What if the basis of most of the enjoyment you will ever experience was almost completely within your control? What if all you needed to do to turn stress or boredom into fun was to slightly alter how you thought? What if this wasn’t a fuzzy claim from a new-age self-help book? What if it was the basis of a mountain of scientific research done with millions of participants of every age, gender, race and background from every culture, creed and continent?
WHAT IS FLOW?
Imagine yourself skiing down a mountain in the French Alps. You’re sailing, in perfect curves, through the crisp white snow down the mountainside. The sun shines brightly in a blue cloudless sky yet the soothing air rushing through your jacket keeps you oh so perfectly cool. All you can see is the tree-lined piste in front of you, all you can hear is the sweeping carve of your skis against the snow and the whistle of the air as it passes. There is nothing but you and the mountain and everything else dissolves.
There’s a word for that feeling and that word is Flow.
Flow, briefly put, is the feeling of optimal experience. It is the sweet spot of enjoyment in any activity.
Now turning life’s poetic moments into a science might seem like a bit of a daft idea; like sticking your country’s flag in the ground and pretending you invented the planet. But the useful thing here is not that we give our enjoyment of life a special name but that if we understand a little something about what fun is then maybe we can make it happen more often in our own lives and in the lives of others.
WHERE DID IT COME FROM?
A man named Mihaly Csikszentmihalyi (Me-High Cheek-Sent-Me-High) originally began his research on the topic of enjoyment (or peak experience as he calls it) in the seventies. Though he might be short on vowels he’s pretty long on thorough research and over several decades he and his colleagues studiously conducted surveys with hundreds of thousands of subjects, of all persuasions, cultures, countries and backgrounds asking them at random times of the day what they were doing and whether they were enjoying it. As time went by the pattern that emerged was that regardless of wealth, education, background or culture, people have their best moments when they are totally engrossed in the activity they are doing right then and there.
Some people found it milking goats. Others climbing mountains. Others playing tennis or fixing the engine of a tractor. The point was that enjoyment had a structure and according to how you balanced yourself against that structure you would find or lose a sense of enjoyment.
WHAT IS FUN?
I should probably clarify at this stage that the ‘fun’ and ‘enjoyment’ I’m describing are not the euphoric heights of ecstacy…
…they are the quiet warm immersion of total engrossment in something. Which is not to say that you can’t be in a state of flow during certain euphoric activities (e.g. sex), just that ketchup on your fries is a different thing to the fries themselves…
…so I’m sure you’re glad I cleared that up.
Enjoying any activity depends on a number of different things being present:
- Concentration on the task in hand.
- A clear goal.
- Immediate feedback about whether you are achieving your goal or not.
But most importantly it depends on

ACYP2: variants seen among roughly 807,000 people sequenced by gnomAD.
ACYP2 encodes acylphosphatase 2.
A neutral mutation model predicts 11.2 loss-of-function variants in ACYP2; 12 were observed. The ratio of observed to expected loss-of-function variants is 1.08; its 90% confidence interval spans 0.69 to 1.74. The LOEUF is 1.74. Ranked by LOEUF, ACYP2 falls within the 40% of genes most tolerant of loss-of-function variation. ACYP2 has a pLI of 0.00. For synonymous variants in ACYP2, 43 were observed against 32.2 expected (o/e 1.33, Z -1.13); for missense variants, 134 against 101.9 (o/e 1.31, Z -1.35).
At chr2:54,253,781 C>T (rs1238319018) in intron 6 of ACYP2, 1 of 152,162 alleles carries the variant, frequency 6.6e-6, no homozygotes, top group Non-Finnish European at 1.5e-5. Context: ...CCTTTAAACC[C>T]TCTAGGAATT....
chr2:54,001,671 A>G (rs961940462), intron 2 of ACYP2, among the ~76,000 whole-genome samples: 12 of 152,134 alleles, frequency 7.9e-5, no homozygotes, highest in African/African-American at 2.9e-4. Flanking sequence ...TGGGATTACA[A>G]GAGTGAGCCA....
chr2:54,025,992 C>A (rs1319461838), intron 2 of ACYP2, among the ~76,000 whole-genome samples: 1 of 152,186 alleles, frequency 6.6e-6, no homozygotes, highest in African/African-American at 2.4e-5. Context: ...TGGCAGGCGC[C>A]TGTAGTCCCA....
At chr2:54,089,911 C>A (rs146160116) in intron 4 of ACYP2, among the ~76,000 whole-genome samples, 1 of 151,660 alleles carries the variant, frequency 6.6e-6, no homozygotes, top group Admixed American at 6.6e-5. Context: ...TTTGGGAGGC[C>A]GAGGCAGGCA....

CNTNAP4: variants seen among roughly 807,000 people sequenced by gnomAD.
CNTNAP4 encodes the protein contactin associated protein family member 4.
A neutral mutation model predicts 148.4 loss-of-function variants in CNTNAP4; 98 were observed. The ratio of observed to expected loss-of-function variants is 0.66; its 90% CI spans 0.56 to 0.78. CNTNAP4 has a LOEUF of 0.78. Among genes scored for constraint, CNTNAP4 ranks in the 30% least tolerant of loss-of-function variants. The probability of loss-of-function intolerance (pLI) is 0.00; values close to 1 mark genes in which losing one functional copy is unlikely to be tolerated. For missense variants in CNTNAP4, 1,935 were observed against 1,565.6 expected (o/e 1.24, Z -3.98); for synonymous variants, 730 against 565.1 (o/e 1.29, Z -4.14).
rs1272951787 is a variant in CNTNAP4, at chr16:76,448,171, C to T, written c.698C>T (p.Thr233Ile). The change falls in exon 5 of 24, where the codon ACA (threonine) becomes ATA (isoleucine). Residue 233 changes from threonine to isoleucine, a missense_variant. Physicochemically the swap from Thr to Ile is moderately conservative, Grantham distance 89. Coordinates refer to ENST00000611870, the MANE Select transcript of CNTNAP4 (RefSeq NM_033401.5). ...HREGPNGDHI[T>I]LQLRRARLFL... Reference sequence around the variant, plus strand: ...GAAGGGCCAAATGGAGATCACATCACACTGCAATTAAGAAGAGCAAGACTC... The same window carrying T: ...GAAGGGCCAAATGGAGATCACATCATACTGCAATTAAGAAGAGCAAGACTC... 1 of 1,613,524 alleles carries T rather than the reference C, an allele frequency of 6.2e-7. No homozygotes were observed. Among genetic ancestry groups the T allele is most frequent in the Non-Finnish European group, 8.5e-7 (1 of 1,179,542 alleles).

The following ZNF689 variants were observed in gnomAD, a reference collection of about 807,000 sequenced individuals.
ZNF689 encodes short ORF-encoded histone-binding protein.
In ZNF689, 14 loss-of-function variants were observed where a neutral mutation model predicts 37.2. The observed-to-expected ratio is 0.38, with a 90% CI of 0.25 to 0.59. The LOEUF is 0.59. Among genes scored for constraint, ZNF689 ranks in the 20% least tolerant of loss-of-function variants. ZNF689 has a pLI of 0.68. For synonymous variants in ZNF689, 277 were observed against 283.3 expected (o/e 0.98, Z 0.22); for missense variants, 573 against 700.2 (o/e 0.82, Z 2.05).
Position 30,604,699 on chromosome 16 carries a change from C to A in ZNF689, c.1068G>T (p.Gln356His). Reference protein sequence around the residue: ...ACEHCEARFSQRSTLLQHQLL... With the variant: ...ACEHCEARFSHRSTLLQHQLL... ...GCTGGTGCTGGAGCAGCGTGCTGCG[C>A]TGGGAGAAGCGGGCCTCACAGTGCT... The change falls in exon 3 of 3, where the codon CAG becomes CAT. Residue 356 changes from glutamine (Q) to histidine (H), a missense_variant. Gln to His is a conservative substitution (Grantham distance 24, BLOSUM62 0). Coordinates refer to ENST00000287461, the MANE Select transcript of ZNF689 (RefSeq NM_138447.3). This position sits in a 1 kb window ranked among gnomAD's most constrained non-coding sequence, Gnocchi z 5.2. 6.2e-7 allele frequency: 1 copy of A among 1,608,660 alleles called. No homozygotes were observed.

A balance between your own skills and the scale of the challenge you’re attempting.
If your skills outweigh your challenge then you will become bored.
If the challenge outweighs your skills then you will become anxious and stressed.
Enjoyment and fun happen when you are attempting a challenge that your skill level is only just good enough to achieve.
It’s a Goldilocks problem; you need the challenge and your skills to be just right to enjoy yourself.
And here’s where the useful, use-able snippet of the blog comes in:
- If you are finding something boring then you need to increase the level of challenge you are attempting.
- If you are finding something stressful then you need to decrease the level of the challenge you are attempting.
- If the challenge cannot be made easier then you need to increase your own level of skill in order to enjoy it.
The good news is, with this last one, the optimum state in which to learn and improve is then one that is most enjoyable. Think about it: it is easier to keep practicing when the practice is fun.
If the practice is boring then you’ll probably quit. If the practice is too stressful then you’ll probably quit.
The best way to maintain learning of any skill is to practice at the level that is fun and then increase the difficulty as it becomes too easy and therefore boring.
That’s why its so important to learn at your own pace; you need the learning to be fun so that in the long-term you will carry on studying, training and practicing.
The only real question about Flow is why it hasn’t been adopted in a more widespread way. It should be the basis of how education is designed, how employees are managed, how children are raised. How societies are structured and cities are designed. Indeed, lots of companies, organisations and governments are starting to take it seriously. Productivity and efficiency are hugely reliant on a motivated workforce and what we are all definitely motivated by is enjoying ourselves!
Now since I discovered this idea, when I was about 16 years old, I have drifted back and forth between different ideas and concepts as I ask myself questions about what a good life is all about. And while the distracting form that life takes: the jobs, activities, people and places will change and transform in a number of ways as time goes by, the substance remains the same. At any given time there is always a goal or activity and always a desire to make that goal as enjoyable as possible.
No matter where you are, no matter what you’re doing, Flow is the idea that can save you from boredom and rescue you from anxiety. In other words, Flow is a way to make anything and everything more fun. And that, as ideas go, is always pretty useful.